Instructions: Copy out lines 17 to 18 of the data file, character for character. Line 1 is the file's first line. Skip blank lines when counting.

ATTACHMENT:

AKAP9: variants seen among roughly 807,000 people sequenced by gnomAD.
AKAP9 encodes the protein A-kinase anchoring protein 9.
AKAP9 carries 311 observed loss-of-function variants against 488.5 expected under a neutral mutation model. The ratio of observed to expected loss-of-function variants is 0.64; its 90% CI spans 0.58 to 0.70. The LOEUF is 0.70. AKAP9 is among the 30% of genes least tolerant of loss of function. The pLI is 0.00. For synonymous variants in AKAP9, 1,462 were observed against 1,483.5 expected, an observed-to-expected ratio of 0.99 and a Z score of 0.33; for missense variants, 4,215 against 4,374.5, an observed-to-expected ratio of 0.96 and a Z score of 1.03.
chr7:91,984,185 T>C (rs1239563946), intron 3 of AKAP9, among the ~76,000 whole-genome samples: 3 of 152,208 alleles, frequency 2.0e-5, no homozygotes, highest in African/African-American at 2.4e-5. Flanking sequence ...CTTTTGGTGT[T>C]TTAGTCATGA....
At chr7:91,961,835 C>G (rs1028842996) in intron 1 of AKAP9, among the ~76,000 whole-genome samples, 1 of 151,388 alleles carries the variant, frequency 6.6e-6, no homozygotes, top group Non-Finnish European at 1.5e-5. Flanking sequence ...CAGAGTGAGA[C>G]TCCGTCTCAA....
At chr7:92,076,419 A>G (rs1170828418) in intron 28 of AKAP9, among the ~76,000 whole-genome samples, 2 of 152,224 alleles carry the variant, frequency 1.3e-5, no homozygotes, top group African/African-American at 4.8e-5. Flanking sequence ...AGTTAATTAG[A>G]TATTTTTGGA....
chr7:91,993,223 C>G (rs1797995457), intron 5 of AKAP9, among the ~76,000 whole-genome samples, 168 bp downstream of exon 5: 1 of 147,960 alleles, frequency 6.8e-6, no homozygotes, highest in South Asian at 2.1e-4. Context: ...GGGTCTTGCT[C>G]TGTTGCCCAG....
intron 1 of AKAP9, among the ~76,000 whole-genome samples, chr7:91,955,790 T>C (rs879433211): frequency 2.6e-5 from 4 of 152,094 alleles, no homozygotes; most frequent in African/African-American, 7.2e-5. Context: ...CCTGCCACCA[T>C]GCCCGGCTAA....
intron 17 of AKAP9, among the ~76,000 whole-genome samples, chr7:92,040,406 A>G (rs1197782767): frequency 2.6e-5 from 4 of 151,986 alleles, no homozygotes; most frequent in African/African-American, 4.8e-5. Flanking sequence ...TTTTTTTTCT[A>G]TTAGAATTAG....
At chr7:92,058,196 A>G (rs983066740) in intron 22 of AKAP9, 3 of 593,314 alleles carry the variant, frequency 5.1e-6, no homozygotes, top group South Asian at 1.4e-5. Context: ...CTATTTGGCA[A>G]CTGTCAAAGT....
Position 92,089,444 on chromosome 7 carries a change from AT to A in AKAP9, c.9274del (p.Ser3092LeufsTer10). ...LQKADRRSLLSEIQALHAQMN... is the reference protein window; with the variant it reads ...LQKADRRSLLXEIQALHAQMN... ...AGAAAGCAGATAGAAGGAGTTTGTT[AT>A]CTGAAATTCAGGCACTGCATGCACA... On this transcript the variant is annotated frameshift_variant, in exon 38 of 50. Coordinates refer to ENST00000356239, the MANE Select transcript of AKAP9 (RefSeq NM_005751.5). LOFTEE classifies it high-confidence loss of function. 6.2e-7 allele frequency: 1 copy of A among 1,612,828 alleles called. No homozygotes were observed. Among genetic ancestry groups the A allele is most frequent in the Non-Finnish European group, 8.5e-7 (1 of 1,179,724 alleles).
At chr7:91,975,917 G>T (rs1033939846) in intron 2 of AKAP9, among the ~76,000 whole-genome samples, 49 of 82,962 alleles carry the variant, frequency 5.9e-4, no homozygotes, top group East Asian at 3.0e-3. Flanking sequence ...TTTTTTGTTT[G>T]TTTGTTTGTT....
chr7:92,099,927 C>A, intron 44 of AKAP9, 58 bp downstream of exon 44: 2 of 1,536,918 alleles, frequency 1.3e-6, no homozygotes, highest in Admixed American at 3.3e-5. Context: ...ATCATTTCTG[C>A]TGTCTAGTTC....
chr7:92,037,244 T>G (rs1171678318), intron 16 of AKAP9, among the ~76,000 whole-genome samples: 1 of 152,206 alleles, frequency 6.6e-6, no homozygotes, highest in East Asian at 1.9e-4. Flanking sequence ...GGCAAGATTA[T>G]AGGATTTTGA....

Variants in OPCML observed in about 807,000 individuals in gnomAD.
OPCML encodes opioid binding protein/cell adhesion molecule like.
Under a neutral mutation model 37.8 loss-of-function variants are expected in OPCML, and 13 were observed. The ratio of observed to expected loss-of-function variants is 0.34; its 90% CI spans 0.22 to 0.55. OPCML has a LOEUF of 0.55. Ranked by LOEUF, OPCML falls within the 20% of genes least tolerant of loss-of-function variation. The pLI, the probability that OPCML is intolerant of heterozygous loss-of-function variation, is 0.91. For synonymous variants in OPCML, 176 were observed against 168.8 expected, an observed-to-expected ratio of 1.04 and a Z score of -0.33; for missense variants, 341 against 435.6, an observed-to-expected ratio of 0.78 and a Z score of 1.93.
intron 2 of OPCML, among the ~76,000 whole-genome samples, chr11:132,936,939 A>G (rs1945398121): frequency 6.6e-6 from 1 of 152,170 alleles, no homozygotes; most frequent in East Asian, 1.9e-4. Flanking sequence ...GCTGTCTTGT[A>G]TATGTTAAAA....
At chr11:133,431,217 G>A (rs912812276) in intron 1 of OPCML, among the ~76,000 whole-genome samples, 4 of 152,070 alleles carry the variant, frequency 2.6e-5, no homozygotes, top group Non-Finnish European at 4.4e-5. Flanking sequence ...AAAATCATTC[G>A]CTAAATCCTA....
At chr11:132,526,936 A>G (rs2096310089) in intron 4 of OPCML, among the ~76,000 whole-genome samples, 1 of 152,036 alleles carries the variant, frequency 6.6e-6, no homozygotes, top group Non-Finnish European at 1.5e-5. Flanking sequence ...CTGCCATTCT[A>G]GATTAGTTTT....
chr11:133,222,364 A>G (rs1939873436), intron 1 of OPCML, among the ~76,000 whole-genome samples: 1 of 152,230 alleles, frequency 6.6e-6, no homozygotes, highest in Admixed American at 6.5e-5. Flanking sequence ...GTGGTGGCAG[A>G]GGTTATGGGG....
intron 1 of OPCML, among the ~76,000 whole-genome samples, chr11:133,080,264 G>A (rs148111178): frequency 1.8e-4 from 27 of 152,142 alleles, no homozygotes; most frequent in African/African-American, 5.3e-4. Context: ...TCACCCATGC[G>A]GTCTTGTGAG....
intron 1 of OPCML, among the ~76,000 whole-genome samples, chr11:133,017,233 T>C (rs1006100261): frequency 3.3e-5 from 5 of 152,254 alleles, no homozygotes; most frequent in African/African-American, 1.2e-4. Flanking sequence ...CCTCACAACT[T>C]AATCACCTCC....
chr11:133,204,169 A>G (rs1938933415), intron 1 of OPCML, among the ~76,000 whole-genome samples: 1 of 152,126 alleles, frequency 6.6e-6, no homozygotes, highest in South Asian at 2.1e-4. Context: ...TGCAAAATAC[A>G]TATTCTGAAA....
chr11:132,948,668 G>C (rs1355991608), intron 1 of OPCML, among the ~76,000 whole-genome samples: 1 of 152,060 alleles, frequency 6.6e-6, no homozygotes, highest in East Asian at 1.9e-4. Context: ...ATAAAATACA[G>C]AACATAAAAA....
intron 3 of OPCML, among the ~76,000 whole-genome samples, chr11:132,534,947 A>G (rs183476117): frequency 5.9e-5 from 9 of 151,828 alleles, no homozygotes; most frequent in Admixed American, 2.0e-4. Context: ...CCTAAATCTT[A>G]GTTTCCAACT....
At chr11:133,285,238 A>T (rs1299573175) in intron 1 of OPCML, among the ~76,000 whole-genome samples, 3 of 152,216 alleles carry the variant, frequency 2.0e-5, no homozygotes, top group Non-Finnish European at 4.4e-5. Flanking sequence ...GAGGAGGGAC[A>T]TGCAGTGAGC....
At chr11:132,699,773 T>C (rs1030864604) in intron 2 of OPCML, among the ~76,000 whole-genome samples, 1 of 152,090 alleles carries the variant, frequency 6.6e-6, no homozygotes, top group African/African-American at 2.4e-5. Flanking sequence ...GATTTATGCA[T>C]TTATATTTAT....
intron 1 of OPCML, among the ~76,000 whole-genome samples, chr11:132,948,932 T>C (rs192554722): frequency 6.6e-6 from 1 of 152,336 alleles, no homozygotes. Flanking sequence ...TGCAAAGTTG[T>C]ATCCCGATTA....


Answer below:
Under a neutral mutation model 37.8 loss-of-function variants are expected in OPCML, and 13 were observed. The ratio of observed to expected loss-of-function variants is 0.34; its 90% CI spans 0.22 to 0.55. OPCML has a LOEUF of 0.55. Ranked by LOEUF, OPCML falls within the 20% of genes least tolerant of loss-of-function variation. The pLI, the probability that OPCML is intolerant of heterozygous loss-of-function variation, is 0.91. For synonymous variants in OPCML, 176 were observed against 168.8 expected, an observed-to-expected ratio of 1.04 and a Z score of -0.33; for missense variants, 341 against 435.6, an observed-to-expected ratio of 0.78 and a Z score of 1.93.
intron 2 of OPCML, among the ~76,000 whole-genome samples, chr11:132,936,939 A>G (rs1945398121): frequency 6.6e-6 from 1 of 152,170 alleles, no homozygotes; most frequent in East Asian, 1.9e-4. Flanking sequence ...GCTGTCTTGT[A>G]TATGTTAAAA....